A few suggestions follow:

  • Do not check anything with JavaScript, this is too easy to get around by simply rewriting the page.
  • Write rules in the back end to protect from unauthorized access using SQL. Check variable combinations.
  • Eliminate any suspicious non-allowable wildcards and look for key terms like LIKE, ILIKE,%, and = that are common for WHERE clauses. Select statements in SQL/POSTGRESQL follow a form similar to SELECT –data list– FROM –table– WHERE –variable— ILIKE ‘%answer%’
  • Track IP Addresses and web pages using a symbol table (HashMap and the like) to eradicate any attempts to plainly just post to a server when it is not an API. This should be done in addition to any viewstate tracking and I strongly encourage the use of event validation.
  • Use event validation if available or come up with your own.

Implementation

Most requests occur through a POST request and most of the requests are handled in Java using spring or a format such as aspx with Groovy Grails starting to become popular.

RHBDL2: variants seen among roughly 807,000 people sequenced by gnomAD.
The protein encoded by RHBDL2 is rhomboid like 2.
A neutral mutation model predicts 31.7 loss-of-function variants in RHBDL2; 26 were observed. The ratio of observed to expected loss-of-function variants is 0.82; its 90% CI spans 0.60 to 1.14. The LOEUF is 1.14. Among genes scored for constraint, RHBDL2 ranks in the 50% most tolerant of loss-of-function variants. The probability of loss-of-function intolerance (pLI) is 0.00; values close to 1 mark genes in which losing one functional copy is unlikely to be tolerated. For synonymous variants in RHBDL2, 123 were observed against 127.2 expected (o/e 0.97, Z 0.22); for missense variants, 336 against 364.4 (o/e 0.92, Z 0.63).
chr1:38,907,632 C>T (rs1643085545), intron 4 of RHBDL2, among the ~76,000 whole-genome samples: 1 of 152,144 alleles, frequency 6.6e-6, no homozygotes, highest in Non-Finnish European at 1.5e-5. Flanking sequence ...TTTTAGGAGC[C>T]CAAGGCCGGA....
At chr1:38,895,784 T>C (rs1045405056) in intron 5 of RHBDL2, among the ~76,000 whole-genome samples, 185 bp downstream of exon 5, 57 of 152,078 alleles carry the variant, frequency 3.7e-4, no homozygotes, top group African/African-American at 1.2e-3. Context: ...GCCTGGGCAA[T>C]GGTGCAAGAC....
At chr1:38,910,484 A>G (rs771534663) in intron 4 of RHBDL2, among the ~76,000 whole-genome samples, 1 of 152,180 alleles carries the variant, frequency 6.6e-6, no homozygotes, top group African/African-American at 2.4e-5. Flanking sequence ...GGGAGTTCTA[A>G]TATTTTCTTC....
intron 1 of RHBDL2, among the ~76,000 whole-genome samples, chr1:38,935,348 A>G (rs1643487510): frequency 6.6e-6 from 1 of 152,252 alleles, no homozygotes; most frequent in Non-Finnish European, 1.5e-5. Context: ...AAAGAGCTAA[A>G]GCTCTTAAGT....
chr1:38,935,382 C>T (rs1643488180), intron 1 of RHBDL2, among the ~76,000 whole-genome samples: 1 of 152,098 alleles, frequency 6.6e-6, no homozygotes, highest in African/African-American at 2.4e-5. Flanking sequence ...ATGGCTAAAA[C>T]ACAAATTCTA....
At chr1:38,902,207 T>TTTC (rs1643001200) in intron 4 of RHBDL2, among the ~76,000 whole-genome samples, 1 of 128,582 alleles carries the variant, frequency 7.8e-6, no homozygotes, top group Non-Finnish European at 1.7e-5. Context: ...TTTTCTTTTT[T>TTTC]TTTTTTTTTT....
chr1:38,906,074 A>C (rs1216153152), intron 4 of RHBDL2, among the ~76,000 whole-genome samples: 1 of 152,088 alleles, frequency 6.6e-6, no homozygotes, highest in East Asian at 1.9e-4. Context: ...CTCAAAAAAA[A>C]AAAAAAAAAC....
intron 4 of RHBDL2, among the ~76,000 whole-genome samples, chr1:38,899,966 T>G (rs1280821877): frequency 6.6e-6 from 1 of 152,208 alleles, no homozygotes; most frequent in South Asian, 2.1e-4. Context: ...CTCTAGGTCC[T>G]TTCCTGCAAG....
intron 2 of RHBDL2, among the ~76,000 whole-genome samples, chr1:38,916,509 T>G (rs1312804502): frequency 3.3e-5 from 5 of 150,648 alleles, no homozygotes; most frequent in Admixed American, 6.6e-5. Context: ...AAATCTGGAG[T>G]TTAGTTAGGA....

import org.springframework.http.HttpHeaders;
import org.springframework.http.HttpStatus;
import org.springframework.http.ResponseEntity;
import org.springframework.stereotype.Controller;
import org.springframework.web.context.request.RequestAttributes;
import org.springframework.web.bind.annotation.RequestMapping;
import org.springframework.web.bind.annotation.RequestMethod;
import org.springframework.web.bind.annotation.RequestParam;

@Controller
@RequestMapping("/path")
public class PostController{
      //RequestMethod.GET also exists
      @RequestMapping(value="/path",method=RequestMethod.POST)
      public ResponseEntity newAnswer(@RequestParam(value="stringq", required=true) String stringq,@RequestParam(value="",required=true) boolean wildcard){
           //prep response
           HttPHeaders headers=new HttpHeaders();
           headers.set("Content-Type","text/html; charset=utf-8");
           
           //get IP
           String ip=requestAttributes.getRequest().getRemoteAddr();

           String data=null;           

           //check for appropriate response page, assumes post-like nature with single url
           //makes a call to a HashMap entity setup at the beginning of the program
           // and accessible throughout the servers existance
           if(IPmap.get(ip).compareTo('appropriatePageURL')==0){
           
               //create variable data here with response JSON or string
           }else{
               //create innappropriate use message
           }
           return new ResponseEntity(data, headers, HttpStatus.CREATED);
      }
}

The hashmap in this case is a static hash map. However, for security (even if using package level access modifiers) a file may be the solution. This will add time to the response though.